Tag Archives: gratitude

Ten Junes

30 May

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June is almost here and I’ve begun to feel it—that sense of giddy anticipation for the coming summer. All the signs are here—the misty fog banks that hug the coast, the scent of jasmine in the air when I open the front door; the ruffled towers of purple delphinium that sway in the offshore breezes that slip in off the Pacific.

Since I was a girl I’ve associated June with happy affairs—a long vacation from school, the prospect of lazy days spent at the beach, a new part time job—the thrill of a budding summer romance. June was always filled with a sense of endless possibility and hope.

Then in 2007, June turned on me. It became the month my daughter, Isa was diagnosed with leukemia.

Exactly ten years have passed since Isa’s diagnosis of cancer, when the perfect month of June lost its allure and became a time associated with doctors, nurses and hospitals; with antibiotic cocktails, blood transfusions and chemotherapy. When June became a time saturated with anxiety as my two year-old developed an angry rash all over her body and suddenly stopped eating because her mouth was filled with painful sores. June was raging fevers, sweat-soaked hospital sheets and sleepless nights. June was spending our twentieth wedding anniversary in an isolated hospital room watching our daughter suffer. June was thinking Isa could die.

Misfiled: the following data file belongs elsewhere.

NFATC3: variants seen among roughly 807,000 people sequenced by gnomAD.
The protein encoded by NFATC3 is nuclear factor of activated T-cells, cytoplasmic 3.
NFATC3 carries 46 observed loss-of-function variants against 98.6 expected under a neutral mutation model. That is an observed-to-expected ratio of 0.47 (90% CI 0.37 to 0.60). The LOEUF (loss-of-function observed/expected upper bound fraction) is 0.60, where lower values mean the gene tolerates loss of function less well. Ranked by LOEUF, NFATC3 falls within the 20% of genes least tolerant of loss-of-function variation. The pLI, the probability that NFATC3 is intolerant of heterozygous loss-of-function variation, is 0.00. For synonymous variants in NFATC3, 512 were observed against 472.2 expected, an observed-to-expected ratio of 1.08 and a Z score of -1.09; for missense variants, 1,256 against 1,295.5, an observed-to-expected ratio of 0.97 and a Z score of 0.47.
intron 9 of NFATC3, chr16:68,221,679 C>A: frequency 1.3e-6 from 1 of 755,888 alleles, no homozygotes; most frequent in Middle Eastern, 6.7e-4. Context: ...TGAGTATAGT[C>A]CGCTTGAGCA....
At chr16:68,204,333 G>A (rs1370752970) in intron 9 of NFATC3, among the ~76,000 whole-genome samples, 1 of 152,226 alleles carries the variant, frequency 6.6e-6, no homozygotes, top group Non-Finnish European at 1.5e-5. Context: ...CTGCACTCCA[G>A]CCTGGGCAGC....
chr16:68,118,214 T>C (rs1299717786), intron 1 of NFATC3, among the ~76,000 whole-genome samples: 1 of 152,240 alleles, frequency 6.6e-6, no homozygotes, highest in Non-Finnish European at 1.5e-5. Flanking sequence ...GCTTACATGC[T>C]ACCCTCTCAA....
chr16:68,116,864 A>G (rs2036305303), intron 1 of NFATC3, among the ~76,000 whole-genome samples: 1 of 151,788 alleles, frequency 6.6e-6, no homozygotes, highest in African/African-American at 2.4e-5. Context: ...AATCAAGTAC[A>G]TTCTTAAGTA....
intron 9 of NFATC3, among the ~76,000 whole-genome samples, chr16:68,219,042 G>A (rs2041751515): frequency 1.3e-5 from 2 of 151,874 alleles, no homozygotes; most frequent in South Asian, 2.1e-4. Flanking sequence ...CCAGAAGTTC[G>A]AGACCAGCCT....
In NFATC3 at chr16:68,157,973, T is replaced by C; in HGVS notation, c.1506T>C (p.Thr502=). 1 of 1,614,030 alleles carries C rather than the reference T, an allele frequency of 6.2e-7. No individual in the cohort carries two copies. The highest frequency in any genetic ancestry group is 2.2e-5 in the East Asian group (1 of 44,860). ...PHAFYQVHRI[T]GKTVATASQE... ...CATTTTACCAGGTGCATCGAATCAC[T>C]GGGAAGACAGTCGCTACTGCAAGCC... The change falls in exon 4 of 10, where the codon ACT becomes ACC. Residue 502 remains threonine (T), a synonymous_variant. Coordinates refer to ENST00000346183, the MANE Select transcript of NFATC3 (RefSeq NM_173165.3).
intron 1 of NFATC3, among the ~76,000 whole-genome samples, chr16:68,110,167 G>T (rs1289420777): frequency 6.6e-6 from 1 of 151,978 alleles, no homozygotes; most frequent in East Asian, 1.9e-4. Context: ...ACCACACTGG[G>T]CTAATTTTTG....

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Isa  in the hospital on her third birthday.

But June turned out to be other things, as well. It was the wisdom of the doctors and the compassion of the nurses who held our hands, loved our daughter and reassured us that Isa would be all right. It was when our family, friends and community gave us their unconditional support through selfless acts of kindness—big and small. June was when we received that phone call from the doctor telling us that Isa had responded rapidly to the chemotherapy and was in remission.

Ten years.